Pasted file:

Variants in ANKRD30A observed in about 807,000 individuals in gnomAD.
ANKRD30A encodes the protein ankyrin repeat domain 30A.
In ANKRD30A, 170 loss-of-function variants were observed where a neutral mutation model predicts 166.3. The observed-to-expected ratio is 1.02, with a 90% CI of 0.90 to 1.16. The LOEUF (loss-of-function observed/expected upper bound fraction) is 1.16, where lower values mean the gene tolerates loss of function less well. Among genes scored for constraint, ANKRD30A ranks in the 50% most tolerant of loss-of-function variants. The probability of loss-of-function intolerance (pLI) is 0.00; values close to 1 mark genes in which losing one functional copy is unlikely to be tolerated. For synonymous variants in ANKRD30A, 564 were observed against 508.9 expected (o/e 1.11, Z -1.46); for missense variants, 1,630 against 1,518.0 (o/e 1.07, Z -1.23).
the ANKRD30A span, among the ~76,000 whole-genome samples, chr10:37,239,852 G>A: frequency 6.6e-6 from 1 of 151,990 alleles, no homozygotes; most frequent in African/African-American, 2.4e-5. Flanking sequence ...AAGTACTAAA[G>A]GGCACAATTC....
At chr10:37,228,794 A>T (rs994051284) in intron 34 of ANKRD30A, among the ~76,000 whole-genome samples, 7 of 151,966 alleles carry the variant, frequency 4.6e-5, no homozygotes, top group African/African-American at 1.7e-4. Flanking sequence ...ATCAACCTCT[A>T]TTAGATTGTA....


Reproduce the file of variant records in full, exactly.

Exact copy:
Variants in ANKRD30A observed in about 807,000 individuals in gnomAD.
ANKRD30A encodes the protein ankyrin repeat domain 30A.
In ANKRD30A, 170 loss-of-function variants were observed where a neutral mutation model predicts 166.3. The observed-to-expected ratio is 1.02, with a 90% CI of 0.90 to 1.16. The LOEUF (loss-of-function observed/expected upper bound fraction) is 1.16, where lower values mean the gene tolerates loss of function less well. Among genes scored for constraint, ANKRD30A ranks in the 50% most tolerant of loss-of-function variants. The probability of loss-of-function intolerance (pLI) is 0.00; values close to 1 mark genes in which losing one functional copy is unlikely to be tolerated. For synonymous variants in ANKRD30A, 564 were observed against 508.9 expected (o/e 1.11, Z -1.46); for missense variants, 1,630 against 1,518.0 (o/e 1.07, Z -1.23).
the ANKRD30A span, among the ~76,000 whole-genome samples, chr10:37,239,852 G>A: frequency 6.6e-6 from 1 of 151,990 alleles, no homozygotes; most frequent in African/African-American, 2.4e-5. Flanking sequence ...AAGTACTAAA[G>A]GGCACAATTC....
At chr10:37,228,794 A>T (rs994051284) in intron 34 of ANKRD30A, among the ~76,000 whole-genome samples, 7 of 151,966 alleles carry the variant, frequency 4.6e-5, no homozygotes, top group African/African-American at 1.7e-4. Flanking sequence ...ATCAACCTCT[A>T]TTAGATTGTA....